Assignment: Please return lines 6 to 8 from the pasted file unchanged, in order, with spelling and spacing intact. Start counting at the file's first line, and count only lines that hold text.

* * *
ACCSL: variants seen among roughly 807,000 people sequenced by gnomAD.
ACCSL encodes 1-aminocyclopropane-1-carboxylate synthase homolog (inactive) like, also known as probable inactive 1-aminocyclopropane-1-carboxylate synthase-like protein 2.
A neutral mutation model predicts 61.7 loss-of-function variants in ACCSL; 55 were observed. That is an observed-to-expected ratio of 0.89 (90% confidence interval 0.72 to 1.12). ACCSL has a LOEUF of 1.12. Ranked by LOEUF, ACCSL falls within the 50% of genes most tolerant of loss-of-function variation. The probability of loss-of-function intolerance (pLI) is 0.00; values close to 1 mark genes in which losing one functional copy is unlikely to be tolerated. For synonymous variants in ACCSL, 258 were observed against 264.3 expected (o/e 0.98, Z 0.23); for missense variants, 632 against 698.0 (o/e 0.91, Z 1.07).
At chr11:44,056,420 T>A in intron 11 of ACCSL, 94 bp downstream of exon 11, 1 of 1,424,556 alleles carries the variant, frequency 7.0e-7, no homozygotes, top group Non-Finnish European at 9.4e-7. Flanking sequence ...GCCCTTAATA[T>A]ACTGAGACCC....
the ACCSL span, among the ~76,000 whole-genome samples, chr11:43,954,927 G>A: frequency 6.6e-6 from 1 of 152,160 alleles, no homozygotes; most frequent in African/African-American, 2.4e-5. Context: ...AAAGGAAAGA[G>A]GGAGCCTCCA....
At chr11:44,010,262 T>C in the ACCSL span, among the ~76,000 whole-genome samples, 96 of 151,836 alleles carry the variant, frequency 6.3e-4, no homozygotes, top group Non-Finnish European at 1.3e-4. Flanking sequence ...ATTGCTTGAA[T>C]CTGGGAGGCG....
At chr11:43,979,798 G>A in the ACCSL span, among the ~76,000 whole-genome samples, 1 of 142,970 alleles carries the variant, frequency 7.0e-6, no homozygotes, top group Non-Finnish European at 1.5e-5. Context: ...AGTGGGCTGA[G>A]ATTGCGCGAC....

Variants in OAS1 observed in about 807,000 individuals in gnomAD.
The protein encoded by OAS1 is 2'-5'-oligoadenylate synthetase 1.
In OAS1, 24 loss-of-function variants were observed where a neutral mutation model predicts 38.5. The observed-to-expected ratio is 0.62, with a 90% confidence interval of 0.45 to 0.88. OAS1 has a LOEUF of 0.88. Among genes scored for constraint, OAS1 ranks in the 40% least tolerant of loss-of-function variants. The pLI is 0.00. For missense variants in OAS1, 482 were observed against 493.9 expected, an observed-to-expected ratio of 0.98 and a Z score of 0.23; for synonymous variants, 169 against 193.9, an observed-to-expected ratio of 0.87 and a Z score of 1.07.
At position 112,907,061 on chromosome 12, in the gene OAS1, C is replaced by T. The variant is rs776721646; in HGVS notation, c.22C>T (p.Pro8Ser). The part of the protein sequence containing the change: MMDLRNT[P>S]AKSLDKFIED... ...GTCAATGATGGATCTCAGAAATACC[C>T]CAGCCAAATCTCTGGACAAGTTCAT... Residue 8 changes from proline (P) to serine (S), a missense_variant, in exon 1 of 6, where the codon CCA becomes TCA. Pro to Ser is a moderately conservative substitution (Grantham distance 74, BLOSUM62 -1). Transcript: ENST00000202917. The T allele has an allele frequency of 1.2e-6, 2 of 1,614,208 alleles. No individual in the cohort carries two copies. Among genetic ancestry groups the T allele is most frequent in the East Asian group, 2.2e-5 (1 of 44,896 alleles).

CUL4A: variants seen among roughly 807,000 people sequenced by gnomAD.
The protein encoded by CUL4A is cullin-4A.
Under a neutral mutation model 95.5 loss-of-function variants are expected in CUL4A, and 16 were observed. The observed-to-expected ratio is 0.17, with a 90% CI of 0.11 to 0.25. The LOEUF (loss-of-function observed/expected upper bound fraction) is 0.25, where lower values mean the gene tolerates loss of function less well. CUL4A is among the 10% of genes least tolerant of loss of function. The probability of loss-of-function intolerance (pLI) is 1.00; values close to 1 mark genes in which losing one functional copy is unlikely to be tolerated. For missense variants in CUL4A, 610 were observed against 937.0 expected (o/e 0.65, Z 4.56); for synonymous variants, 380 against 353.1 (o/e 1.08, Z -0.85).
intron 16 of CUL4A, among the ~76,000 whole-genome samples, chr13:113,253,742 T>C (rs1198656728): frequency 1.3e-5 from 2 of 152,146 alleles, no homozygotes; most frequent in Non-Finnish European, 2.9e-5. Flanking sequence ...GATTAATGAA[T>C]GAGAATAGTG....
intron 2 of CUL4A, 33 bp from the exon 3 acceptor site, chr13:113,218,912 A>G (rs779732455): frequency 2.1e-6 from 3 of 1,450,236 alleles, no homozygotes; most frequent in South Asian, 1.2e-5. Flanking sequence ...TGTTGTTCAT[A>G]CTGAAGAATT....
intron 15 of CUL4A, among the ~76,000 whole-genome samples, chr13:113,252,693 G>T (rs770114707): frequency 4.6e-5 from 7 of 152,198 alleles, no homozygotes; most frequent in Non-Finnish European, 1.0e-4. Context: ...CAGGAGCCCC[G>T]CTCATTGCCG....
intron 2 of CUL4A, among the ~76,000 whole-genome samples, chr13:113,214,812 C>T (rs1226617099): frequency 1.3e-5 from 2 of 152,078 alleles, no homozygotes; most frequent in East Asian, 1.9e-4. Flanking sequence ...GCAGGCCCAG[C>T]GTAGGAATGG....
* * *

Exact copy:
At chr11:44,010,262 T>C in the ACCSL span, among the ~76,000 whole-genome samples, 96 of 151,836 alleles carry the variant, frequency 6.3e-4, no homozygotes, top group Non-Finnish European at 1.3e-4. Flanking sequence ...ATTGCTTGAA[T>C]CTGGGAGGCG....
At chr11:43,979,798 G>A in the ACCSL span, among the ~76,000 whole-genome samples, 1 of 142,970 alleles carries the variant, frequency 7.0e-6, no homozygotes, top group Non-Finnish European at 1.5e-5. Context: ...AGTGGGCTGA[G>A]ATTGCGCGAC....

Variants in OAS1 observed in about 807,000 individuals in gnomAD.